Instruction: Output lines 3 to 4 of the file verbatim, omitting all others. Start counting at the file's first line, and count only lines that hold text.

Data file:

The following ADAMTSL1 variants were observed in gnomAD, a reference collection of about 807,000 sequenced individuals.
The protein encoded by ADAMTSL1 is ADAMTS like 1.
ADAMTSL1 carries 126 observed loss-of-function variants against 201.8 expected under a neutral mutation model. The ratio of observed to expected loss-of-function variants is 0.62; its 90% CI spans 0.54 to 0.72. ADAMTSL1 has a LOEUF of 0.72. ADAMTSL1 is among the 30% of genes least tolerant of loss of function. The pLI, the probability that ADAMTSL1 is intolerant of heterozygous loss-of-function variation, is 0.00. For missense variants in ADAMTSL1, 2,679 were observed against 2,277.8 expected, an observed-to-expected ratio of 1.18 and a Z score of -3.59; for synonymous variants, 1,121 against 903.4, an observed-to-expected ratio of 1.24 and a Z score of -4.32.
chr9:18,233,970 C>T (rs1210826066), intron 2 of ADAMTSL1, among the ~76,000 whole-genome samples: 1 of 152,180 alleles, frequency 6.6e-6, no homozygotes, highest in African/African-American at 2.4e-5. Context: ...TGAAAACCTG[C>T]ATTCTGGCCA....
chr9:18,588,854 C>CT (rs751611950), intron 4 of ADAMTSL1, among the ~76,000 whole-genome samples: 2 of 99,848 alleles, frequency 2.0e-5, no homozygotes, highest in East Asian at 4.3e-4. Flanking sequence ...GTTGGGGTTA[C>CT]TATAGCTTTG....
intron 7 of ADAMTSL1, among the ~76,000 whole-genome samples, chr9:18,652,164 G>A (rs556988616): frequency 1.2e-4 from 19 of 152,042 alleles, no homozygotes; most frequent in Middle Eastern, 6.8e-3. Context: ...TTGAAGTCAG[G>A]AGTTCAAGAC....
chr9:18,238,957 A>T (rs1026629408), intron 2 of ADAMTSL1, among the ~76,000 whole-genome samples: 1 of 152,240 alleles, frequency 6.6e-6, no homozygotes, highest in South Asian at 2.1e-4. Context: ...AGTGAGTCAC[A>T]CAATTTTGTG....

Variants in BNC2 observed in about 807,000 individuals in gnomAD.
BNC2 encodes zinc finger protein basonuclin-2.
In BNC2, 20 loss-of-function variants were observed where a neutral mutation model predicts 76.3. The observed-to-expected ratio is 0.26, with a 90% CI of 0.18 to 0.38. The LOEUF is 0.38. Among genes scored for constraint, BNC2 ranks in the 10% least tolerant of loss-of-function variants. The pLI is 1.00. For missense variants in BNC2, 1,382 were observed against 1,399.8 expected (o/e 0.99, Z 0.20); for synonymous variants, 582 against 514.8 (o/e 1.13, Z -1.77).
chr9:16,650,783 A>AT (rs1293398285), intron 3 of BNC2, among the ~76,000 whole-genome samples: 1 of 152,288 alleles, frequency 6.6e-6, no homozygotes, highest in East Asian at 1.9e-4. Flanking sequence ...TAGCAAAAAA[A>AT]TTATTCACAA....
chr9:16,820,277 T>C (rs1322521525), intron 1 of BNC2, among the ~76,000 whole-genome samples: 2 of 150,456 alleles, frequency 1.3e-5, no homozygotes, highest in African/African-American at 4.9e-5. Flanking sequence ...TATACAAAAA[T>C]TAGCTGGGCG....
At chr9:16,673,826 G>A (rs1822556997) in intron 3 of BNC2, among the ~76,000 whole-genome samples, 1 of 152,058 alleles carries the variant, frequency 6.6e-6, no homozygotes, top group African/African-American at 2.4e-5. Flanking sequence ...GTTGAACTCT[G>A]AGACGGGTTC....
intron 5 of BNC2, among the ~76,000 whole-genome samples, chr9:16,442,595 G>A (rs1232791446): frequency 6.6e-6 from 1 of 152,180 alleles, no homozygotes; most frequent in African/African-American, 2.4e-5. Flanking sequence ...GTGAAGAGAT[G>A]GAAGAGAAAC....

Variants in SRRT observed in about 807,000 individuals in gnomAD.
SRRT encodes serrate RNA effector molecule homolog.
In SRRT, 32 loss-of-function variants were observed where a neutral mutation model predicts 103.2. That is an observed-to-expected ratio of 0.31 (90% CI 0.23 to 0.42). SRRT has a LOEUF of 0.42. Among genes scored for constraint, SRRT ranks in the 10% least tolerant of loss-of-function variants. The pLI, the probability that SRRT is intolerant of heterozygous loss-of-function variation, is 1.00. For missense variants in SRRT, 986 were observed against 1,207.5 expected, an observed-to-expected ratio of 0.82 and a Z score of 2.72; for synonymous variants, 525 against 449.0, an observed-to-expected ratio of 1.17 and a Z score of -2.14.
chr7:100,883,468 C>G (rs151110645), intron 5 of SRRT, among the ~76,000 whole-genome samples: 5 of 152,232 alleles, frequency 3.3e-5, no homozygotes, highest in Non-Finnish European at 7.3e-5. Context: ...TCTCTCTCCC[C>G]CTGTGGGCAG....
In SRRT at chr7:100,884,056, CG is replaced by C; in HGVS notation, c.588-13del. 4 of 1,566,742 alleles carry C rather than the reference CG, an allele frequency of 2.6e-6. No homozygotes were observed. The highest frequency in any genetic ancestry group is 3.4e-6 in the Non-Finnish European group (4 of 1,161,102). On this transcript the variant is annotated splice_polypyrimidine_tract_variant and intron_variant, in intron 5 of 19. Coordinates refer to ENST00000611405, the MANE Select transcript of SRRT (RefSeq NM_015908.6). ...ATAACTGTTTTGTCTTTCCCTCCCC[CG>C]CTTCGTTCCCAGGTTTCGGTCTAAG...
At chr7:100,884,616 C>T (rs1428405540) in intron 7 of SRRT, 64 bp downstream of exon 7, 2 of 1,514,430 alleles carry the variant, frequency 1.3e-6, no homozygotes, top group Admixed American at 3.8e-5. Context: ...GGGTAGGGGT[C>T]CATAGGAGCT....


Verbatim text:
ADAMTSL1 carries 126 observed loss-of-function variants against 201.8 expected under a neutral mutation model. The ratio of observed to expected loss-of-function variants is 0.62; its 90% CI spans 0.54 to 0.72. ADAMTSL1 has a LOEUF of 0.72. ADAMTSL1 is among the 30% of genes least tolerant of loss of function. The pLI, the probability that ADAMTSL1 is intolerant of heterozygous loss-of-function variation, is 0.00. For missense variants in ADAMTSL1, 2,679 were observed against 2,277.8 expected, an observed-to-expected ratio of 1.18 and a Z score of -3.59; for synonymous variants, 1,121 against 903.4, an observed-to-expected ratio of 1.24 and a Z score of -4.32.
chr9:18,233,970 C>T (rs1210826066), intron 2 of ADAMTSL1, among the ~76,000 whole-genome samples: 1 of 152,180 alleles, frequency 6.6e-6, no homozygotes, highest in African/African-American at 2.4e-5. Context: ...TGAAAACCTG[C>T]ATTCTGGCCA....